Part of Maine’s problem is an inconsistent offense. The Black Bears got only one goal in two games against Robert Morris, were shutout by Connecticut, and got one goal and two goals this weekend against Union in a win and a tie. For comparison, and I know this doesn’t always work, but Providence defeated Union 4-1 a couple of weeks ago. Maine has a tough go of it in January, with Vermont twice, Northeastern twice, and New Hampshire twice before the aforementioned series against Providence.

I am wondering if Maine can fend off Vermont and hold onto the seven spot. The Catamounts have been pretty terrible of late, though they did beat Maine back at the beginning of November and closed the first half with a 3-2 win over the freefalling Dartmouth. Vermont starts its second half with a game against Union, one I consider a must-win to get the Catamounts off on the right foot. Even a tie could be a blow to that young squad’s confidence.

Let’s turn to the CHA now. I’ve talked about Mercyhurst being the same old boss, and wondered whether Robert Morris’ generally decent out-of-conference record could translate to CHA success. The Colonials ended their first half last weekend with a tie and win against Lindenwood. The bad news is Robert Morris still trails Mercyhurst and Syracuse in points, and both teams have two games in hand on the Colonials.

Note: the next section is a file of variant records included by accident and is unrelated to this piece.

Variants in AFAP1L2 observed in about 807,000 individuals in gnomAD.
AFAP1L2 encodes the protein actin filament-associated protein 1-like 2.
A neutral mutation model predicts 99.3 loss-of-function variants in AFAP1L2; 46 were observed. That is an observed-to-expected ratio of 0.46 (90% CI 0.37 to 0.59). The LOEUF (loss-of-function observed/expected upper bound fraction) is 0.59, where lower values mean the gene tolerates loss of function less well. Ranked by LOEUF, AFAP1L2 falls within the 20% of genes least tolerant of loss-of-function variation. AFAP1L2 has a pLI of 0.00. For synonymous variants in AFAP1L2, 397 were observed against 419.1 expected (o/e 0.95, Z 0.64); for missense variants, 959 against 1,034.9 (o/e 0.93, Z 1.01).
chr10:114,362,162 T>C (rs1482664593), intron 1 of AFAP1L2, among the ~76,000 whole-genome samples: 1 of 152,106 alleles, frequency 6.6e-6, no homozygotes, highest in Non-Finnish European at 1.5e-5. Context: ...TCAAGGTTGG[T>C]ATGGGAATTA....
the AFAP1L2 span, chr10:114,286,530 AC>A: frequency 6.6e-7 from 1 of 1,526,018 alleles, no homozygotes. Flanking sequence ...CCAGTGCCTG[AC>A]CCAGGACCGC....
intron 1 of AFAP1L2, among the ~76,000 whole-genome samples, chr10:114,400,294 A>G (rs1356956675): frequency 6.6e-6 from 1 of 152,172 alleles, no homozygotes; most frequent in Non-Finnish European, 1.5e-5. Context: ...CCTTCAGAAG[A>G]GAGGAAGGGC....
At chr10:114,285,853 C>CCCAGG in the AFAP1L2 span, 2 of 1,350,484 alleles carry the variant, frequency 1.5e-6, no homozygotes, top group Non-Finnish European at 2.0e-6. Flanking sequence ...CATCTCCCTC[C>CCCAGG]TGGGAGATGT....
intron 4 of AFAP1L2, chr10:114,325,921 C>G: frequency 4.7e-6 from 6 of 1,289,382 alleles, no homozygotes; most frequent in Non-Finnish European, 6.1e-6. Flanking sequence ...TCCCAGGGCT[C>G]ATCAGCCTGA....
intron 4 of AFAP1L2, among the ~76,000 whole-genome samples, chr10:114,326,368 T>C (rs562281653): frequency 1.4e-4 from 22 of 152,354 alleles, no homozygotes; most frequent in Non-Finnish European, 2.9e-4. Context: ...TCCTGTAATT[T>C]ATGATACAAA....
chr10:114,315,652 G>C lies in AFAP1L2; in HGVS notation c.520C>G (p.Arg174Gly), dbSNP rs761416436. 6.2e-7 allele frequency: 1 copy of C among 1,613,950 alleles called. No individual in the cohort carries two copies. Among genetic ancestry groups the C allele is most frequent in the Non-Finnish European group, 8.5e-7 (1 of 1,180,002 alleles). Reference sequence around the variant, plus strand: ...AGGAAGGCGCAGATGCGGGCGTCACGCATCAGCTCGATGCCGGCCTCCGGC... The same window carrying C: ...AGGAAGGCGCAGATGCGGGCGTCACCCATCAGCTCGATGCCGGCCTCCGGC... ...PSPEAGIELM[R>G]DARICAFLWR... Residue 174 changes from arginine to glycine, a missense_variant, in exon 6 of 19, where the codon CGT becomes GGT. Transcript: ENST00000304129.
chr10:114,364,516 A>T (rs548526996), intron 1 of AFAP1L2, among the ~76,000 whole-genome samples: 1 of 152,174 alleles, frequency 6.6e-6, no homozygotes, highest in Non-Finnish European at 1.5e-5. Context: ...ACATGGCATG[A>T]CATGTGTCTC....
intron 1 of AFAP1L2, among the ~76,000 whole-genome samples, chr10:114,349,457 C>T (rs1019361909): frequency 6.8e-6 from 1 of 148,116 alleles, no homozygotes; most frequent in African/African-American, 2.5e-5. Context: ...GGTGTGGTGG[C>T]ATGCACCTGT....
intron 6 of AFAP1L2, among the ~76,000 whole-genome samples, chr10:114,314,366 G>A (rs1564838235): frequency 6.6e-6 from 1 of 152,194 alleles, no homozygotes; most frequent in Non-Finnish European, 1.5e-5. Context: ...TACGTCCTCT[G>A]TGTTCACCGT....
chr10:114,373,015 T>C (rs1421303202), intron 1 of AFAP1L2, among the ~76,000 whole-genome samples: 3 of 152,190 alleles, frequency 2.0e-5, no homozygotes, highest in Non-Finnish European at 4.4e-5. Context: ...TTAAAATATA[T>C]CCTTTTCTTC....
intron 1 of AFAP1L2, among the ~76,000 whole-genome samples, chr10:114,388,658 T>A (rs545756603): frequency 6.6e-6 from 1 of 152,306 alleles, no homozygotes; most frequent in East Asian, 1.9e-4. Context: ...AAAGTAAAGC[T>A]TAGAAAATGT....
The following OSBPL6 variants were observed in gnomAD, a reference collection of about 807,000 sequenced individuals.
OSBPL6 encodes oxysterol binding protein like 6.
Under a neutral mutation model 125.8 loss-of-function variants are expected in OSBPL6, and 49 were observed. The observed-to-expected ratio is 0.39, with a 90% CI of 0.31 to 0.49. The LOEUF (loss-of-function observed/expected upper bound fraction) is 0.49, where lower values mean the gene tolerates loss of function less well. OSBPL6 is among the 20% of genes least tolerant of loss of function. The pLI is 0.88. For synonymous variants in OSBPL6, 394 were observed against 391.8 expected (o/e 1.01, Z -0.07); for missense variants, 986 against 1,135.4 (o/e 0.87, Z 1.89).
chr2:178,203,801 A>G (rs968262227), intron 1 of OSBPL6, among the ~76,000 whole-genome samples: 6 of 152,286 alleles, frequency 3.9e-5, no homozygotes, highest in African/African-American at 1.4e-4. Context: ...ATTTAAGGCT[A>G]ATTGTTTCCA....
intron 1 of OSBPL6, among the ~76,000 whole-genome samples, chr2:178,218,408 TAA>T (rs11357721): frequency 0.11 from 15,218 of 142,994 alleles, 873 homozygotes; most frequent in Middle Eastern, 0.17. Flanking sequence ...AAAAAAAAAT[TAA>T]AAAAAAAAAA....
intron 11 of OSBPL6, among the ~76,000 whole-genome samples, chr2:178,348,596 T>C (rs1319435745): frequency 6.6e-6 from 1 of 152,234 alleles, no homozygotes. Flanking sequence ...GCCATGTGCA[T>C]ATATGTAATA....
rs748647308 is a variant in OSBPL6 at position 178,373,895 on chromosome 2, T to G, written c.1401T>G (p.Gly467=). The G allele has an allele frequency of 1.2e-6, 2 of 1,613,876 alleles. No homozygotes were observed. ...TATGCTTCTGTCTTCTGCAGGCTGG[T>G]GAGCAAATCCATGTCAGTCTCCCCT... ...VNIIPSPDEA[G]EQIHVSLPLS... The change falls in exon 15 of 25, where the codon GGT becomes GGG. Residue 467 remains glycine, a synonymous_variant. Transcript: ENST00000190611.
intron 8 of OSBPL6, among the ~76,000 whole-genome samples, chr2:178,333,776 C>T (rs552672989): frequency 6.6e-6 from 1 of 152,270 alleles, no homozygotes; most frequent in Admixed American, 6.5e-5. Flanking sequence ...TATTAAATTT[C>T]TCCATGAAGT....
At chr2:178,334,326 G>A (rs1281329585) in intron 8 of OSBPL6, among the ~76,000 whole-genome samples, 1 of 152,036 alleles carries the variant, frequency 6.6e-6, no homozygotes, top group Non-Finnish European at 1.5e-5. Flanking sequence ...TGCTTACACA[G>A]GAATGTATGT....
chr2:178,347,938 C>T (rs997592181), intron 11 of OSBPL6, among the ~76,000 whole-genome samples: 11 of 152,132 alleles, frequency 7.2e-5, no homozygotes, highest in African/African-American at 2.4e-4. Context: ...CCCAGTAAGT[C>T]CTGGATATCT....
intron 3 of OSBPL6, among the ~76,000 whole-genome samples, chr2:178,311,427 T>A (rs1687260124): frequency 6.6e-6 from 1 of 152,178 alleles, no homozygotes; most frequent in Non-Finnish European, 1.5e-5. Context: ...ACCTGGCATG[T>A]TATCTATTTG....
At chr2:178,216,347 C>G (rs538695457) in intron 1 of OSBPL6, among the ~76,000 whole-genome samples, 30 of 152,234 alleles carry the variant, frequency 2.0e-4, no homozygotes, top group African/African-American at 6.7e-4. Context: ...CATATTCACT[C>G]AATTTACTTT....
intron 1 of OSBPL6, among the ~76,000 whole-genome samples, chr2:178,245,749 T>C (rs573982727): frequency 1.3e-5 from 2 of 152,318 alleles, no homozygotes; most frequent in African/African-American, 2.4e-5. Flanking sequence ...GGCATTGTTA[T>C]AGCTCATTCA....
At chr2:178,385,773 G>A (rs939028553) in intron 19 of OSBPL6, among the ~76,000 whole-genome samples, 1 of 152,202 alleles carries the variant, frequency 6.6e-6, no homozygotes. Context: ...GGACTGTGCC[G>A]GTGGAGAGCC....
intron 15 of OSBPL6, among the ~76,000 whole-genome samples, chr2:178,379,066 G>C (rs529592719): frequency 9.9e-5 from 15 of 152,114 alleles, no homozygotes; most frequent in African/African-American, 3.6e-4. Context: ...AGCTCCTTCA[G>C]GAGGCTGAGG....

Or course, given the struggles of all CHA teams right now, the goal has to be winning the CHA tournament, and anything can happen. I almost think the regular season doesn’t even matter much, except for home ice. However, home ice hasn’t always helped in the past. What’s your take on the CHA right now? Mercyhurst is highest in the PairWise, at 15, but there is no way for the Lakers to play themselves into the at-large picture, so NCAA tournament hopes rest on winning the CHA auto-bid.

Arlan: Even more than home ice, I think the CHA teams are playing for a first-round bye. That’s the only sure path to the semifinals. Otherwise, even if a team is hosting a quarterfinal against an opponent that hasn’t won much during the season, there has to be an uneasy feeling. RIT’s Cinderella exploits are well-documented, Lindenwood has key seniors like Nicole Hensley and Shara Jasper, and Penn State’s inaugural recruiting class is going to be graduating and would undoubtedly like to do something memorable on its way out. So Mercyhurst, Syracuse, and Robert Morris will be trying to get one of those two byes so that they can view the carnage from a distance.